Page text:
Box-plot of propensity scores between RFA and RALPN groups. This plot describes the demographics of RFA and RALPN groups after they were matched based on propensity scores. RALPN = robot-assisted laparoscopic partial nephrectomy; RFA = radiofrequency ablation.

To evaluate the incidence rate of developing perioperative complications and CKD, different matching pairs of enrollment were used. The matching variables of tumor location and kidney laterality were divided into endophytic, exophytic, mesophytic, and hilar categories, and into right and left. All renal tumor images were classified according to the RENAL nephrometry score, which consists of the following parameters: R (radius), E (exophytic/endophytic), N (nearness), A (anterior/posterior), and L (location), as described previously.9 The clinical T stage was used according to the classification of the International Union Against Cancer/American Joint Committee on Cancer, 2009. Other clinicopathologic data and related variables to CKD and perioperative complications were evaluated between the two groups.

The primary clinical outcomes were perioperative complications, and renal function. Perioperative complications were graded using the modified Clavien classification,10 which was validated for PN11 and ablation therapy.12 A perioperative complication was defined as any major complication classified as Clavien grade ≥ 3 after either RFA or RALPN within 1 month. Functional outcome was based on an eGFR-MDRD, and CKD is defined as eGFR < 60 mL/minute/1.73 m2.

Group differences in continuous and categorical data were compared using the independent t test or Wilcoxon signed rank sum test, and chi-square or Fishers exact tests, respectively. Intrapersonal changes in eGFR were assessed using paired t tests. The propensity score was calculated with an SAS macro after modeling logistic regression and McNemar test, and using the penalized maximum likelihood ratio to compare between the two groups. All analyses were performed with the SAS statistical software (SAS system for Windows, version 9.2; SAS institute, Cary, NC, USA). A p value < 0.05 was considered statistically significant.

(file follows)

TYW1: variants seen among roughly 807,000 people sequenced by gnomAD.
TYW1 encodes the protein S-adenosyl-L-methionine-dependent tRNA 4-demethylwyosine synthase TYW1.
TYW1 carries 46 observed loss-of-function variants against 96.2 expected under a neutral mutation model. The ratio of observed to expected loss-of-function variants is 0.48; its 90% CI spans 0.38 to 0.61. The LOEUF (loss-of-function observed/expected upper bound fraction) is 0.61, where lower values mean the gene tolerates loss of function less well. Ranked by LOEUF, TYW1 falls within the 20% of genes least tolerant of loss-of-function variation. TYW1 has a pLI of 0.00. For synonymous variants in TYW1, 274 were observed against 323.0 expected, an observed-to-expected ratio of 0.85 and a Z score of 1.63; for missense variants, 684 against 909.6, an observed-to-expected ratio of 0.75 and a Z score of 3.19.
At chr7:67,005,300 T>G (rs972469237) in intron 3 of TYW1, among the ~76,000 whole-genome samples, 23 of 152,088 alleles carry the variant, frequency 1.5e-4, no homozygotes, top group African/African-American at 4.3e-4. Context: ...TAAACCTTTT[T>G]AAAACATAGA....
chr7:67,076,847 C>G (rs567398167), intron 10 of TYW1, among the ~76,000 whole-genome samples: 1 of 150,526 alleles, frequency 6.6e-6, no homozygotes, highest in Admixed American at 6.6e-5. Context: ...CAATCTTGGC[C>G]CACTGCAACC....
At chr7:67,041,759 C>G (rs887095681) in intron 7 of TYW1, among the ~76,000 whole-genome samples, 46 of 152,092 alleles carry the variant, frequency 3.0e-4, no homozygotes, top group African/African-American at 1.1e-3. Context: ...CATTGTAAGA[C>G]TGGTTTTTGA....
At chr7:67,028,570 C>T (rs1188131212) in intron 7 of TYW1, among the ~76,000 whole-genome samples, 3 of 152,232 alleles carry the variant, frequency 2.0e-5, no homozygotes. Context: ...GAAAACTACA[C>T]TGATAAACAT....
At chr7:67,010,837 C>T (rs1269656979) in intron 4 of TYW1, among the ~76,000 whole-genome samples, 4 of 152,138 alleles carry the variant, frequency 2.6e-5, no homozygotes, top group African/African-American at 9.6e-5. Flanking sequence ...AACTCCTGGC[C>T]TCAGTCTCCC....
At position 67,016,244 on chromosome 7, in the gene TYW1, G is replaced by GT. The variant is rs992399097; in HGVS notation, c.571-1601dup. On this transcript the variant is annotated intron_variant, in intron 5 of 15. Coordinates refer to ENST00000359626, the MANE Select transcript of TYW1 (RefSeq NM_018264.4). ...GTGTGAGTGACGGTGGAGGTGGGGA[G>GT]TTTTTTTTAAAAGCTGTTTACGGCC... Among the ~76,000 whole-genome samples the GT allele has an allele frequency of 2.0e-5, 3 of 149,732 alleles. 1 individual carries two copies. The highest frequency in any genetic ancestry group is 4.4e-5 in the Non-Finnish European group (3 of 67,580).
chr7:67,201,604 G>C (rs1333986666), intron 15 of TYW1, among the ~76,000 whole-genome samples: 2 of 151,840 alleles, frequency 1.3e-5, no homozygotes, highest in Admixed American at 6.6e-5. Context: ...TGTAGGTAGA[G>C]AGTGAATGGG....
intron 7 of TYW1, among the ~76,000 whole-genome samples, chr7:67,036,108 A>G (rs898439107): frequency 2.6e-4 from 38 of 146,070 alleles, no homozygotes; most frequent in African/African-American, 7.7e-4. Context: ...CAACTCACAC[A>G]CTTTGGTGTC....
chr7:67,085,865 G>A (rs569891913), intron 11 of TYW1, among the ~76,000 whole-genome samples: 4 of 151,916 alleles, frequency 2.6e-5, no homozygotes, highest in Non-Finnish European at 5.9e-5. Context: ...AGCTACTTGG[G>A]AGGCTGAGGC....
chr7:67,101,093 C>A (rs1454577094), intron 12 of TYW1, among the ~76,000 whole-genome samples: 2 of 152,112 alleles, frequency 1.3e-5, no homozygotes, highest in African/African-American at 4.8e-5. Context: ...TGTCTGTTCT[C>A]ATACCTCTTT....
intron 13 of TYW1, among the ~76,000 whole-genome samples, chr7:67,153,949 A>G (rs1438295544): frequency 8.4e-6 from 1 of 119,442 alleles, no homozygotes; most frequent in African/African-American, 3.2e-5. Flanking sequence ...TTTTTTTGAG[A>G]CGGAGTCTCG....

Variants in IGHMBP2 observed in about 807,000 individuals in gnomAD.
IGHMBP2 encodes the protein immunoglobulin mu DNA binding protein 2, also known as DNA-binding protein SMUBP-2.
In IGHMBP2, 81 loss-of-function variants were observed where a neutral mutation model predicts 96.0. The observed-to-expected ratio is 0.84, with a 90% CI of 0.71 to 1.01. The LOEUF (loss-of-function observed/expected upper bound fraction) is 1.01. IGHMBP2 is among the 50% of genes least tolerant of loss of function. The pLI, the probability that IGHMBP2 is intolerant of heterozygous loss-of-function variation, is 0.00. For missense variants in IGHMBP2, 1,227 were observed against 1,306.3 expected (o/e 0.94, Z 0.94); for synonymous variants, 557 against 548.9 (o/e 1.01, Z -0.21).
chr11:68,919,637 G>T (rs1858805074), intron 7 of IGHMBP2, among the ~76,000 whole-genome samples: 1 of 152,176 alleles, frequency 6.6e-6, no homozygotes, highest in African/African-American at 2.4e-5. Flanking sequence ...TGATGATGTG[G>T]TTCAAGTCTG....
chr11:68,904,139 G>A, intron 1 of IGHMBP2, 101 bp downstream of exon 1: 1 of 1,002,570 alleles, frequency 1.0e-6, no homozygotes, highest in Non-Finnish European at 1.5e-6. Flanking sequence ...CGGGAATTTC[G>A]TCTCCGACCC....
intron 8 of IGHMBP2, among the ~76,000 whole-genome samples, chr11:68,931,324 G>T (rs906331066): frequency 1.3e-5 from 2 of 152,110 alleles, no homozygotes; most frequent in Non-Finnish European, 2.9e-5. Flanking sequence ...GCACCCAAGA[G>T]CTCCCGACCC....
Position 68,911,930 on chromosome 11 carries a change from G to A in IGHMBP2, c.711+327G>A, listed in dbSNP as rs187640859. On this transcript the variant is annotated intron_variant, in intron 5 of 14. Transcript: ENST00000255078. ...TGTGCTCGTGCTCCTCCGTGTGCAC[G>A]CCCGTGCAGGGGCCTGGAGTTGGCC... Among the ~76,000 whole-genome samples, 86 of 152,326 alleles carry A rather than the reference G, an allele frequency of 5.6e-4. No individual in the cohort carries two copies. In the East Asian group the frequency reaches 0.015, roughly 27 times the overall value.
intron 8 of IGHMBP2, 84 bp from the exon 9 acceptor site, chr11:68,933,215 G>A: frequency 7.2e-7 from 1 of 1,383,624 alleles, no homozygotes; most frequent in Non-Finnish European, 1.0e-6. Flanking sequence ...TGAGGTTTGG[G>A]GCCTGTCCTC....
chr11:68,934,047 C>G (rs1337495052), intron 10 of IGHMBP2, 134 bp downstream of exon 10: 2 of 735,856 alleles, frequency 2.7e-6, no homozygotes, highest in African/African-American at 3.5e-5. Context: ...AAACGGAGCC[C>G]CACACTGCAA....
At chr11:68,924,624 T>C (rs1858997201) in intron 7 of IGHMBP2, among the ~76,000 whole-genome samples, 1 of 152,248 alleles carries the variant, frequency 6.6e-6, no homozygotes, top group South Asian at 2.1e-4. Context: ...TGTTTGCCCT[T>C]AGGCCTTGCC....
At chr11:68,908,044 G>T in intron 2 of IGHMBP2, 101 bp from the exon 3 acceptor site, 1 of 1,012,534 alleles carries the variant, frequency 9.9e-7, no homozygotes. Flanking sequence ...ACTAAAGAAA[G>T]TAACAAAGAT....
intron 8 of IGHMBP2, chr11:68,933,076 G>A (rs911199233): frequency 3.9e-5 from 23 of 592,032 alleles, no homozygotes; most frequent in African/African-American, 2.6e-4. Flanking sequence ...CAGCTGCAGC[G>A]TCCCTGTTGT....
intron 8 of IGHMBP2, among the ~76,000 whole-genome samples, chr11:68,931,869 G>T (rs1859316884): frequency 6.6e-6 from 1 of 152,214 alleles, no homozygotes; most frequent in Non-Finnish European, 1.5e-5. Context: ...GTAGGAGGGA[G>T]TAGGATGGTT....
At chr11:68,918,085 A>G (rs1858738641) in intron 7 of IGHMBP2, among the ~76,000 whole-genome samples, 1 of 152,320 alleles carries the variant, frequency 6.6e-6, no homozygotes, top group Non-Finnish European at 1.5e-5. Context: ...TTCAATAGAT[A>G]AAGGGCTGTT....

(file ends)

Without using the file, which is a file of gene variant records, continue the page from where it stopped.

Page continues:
3. Results

During a median follow-up of 14.6 months, 27 paired cases of RFA and of RALPN were matched to evaluate the incidence of complications and the renal function for developing postoperative incidence of CKD. Among the 54 cases, two RALPN patients and two RFA patients died—three from cancer-related and one from noncancer-related causes—at a median follow-up of 6.5 months after the treatment. For patients with RALPN, hilar vessel clamping was performed in all cases with a mean warm ischemic time of 20.4 (standard deviation ± 6.9) minutes (Table 1).

Table 1. Comparison for CKD and postoperative complications between RALPN and RFA.
Variables RALPN (n = 27) RFA (n = 27) p
Age (y) 60.33 ± 15.61 58.67 ± 11.60 0.627 a
Sex (male/female) 19 (70.4)/8 (29.6) 22 (81.5)/5 (18.5) 0.549 b
Body mass index (kg/m2) 25.9 ± 3.4 26.6 ± 3.1 0.127
Diabetes 4 (14.8) 5 (18.5) > 0.99 c
Hypertension 16 (59.3) 11 (40.7) 0.101 c
ASA score 1.0 ± 0.2 1.6 ± 0.5 < 0.001
 1 26 14
 2 1 13
Follow-up duration (mo) 10.9 ± 7.0 16.7 ± 10.5 0.068
Preop. Cr (mg/dL) 0.9 ± 0.2 1.2 ± 0.2 < 0.001
Preop. Hb (mg/dL) 14.2 ± 1.2 13.0 ± 1.7 0.003
Preop. eGFR (mL/min/1.73 m2) 86.7 ± 14.1 84.0 ± 23.5 0.049
Tumor size 1.77 ± 0.96 1.8 ± 0.81 0.928 a
Laterality 0.267 b
 1: left 16 (59.3) 11 (40.7)
 2: right 11 (40.7) 16 (29.3)
Location 0.462 b
 1: exophytic 13 (50.0) 13 (50.0)
 2: mesophytic 4 (15.3) 2 (7.7)